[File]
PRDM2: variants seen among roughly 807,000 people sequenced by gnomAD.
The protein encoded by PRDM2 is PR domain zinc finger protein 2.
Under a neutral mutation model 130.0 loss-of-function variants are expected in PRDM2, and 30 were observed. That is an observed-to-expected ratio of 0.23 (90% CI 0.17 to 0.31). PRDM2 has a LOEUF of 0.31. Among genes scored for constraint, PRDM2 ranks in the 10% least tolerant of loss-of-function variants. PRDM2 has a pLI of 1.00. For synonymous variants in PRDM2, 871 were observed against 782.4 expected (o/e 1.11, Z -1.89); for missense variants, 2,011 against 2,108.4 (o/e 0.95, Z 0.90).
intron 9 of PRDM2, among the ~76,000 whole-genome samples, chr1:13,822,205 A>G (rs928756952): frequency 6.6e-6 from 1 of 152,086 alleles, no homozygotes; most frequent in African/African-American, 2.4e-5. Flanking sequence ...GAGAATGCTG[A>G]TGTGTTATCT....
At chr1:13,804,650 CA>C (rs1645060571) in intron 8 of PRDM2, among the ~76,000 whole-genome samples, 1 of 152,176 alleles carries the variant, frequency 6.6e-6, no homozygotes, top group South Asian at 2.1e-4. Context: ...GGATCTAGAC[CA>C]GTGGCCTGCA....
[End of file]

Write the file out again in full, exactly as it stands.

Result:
PRDM2: variants seen among roughly 807,000 people sequenced by gnomAD.
The protein encoded by PRDM2 is PR domain zinc finger protein 2.
Under a neutral mutation model 130.0 loss-of-function variants are expected in PRDM2, and 30 were observed. That is an observed-to-expected ratio of 0.23 (90% CI 0.17 to 0.31). PRDM2 has a LOEUF of 0.31. Among genes scored for constraint, PRDM2 ranks in the 10% least tolerant of loss-of-function variants. PRDM2 has a pLI of 1.00. For synonymous variants in PRDM2, 871 were observed against 782.4 expected (o/e 1.11, Z -1.89); for missense variants, 2,011 against 2,108.4 (o/e 0.95, Z 0.90).
intron 9 of PRDM2, among the ~76,000 whole-genome samples, chr1:13,822,205 A>G (rs928756952): frequency 6.6e-6 from 1 of 152,086 alleles, no homozygotes; most frequent in African/African-American, 2.4e-5. Flanking sequence ...GAGAATGCTG[A>G]TGTGTTATCT....
At chr1:13,804,650 CA>C (rs1645060571) in intron 8 of PRDM2, among the ~76,000 whole-genome samples, 1 of 152,176 alleles carries the variant, frequency 6.6e-6, no homozygotes, top group South Asian at 2.1e-4. Context: ...GGATCTAGAC[CA>C]GTGGCCTGCA....